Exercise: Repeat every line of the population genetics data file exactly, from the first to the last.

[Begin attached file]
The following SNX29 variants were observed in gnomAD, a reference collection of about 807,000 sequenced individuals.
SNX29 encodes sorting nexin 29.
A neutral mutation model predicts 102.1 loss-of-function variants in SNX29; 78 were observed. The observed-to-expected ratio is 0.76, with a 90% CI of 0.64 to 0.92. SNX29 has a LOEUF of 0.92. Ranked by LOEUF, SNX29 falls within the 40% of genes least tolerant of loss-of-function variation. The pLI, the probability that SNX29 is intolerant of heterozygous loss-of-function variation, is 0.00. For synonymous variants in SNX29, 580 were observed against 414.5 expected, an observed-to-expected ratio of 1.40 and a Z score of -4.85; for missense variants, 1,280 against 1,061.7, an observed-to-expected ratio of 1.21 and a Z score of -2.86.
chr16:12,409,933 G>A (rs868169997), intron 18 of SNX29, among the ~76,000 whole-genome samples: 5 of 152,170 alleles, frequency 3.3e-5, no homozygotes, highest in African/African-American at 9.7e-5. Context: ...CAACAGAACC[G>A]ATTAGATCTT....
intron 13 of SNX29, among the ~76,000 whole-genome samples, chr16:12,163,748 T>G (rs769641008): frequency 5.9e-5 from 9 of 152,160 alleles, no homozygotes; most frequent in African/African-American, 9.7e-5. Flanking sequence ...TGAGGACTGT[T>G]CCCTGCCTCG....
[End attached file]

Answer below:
The following SNX29 variants were observed in gnomAD, a reference collection of about 807,000 sequenced individuals.
SNX29 encodes sorting nexin 29.
A neutral mutation model predicts 102.1 loss-of-function variants in SNX29; 78 were observed. The observed-to-expected ratio is 0.76, with a 90% CI of 0.64 to 0.92. SNX29 has a LOEUF of 0.92. Ranked by LOEUF, SNX29 falls within the 40% of genes least tolerant of loss-of-function variation. The pLI, the probability that SNX29 is intolerant of heterozygous loss-of-function variation, is 0.00. For synonymous variants in SNX29, 580 were observed against 414.5 expected, an observed-to-expected ratio of 1.40 and a Z score of -4.85; for missense variants, 1,280 against 1,061.7, an observed-to-expected ratio of 1.21 and a Z score of -2.86.
chr16:12,409,933 G>A (rs868169997), intron 18 of SNX29, among the ~76,000 whole-genome samples: 5 of 152,170 alleles, frequency 3.3e-5, no homozygotes, highest in African/African-American at 9.7e-5. Context: ...CAACAGAACC[G>A]ATTAGATCTT....
intron 13 of SNX29, among the ~76,000 whole-genome samples, chr16:12,163,748 T>G (rs769641008): frequency 5.9e-5 from 9 of 152,160 alleles, no homozygotes; most frequent in African/African-American, 9.7e-5. Flanking sequence ...TGAGGACTGT[T>G]CCCTGCCTCG....